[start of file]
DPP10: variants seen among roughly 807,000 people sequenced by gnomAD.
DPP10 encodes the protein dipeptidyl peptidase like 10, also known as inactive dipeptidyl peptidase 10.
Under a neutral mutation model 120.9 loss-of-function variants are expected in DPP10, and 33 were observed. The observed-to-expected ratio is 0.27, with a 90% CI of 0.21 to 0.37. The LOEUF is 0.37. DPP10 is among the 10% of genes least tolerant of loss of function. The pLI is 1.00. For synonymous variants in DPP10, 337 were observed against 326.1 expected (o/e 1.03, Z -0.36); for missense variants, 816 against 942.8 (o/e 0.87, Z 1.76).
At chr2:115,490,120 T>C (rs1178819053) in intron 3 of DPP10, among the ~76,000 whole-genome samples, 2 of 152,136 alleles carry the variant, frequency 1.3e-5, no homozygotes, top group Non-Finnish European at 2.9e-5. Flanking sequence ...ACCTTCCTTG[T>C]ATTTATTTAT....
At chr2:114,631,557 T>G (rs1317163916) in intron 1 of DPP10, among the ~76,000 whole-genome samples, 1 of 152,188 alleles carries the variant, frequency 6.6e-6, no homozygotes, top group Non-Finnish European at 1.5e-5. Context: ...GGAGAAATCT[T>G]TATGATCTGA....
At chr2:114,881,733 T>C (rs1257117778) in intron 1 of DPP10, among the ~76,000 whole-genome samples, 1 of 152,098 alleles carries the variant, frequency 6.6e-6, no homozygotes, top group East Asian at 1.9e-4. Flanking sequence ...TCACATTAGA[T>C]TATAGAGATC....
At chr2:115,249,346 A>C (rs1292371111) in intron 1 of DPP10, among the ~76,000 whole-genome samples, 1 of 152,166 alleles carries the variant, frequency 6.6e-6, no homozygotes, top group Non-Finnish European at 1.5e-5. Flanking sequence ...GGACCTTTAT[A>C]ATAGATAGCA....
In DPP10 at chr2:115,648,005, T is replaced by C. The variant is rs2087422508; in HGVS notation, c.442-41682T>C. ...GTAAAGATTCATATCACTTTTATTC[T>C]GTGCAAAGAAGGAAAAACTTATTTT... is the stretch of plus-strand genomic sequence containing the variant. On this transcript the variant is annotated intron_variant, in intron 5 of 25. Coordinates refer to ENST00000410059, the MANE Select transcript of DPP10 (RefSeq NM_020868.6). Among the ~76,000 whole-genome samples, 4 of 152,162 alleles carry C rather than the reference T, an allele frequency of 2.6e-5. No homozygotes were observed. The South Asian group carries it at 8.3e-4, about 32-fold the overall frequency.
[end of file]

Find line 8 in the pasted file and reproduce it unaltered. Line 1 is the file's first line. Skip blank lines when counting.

In DPP10 at chr2:115,648,005, T is replaced by C. The variant is rs2087422508; in HGVS notation, c.442-41682T>C. ...GTAAAGATTCATATCACTTTTATTC[T>C]GTGCAAAGAAGGAAAAACTTATTTT... is the stretch of plus-strand genomic sequence containing the variant. On this transcript the variant is annotated intron_variant, in intron 5 of 25. Coordinates refer to ENST00000410059, the MANE Select transcript of DPP10 (RefSeq NM_020868.6). Among the ~76,000 whole-genome samples, 4 of 152,162 alleles carry C rather than the reference T, an allele frequency of 2.6e-5. No homozygotes were observed. The South Asian group carries it at 8.3e-4, about 32-fold the overall frequency.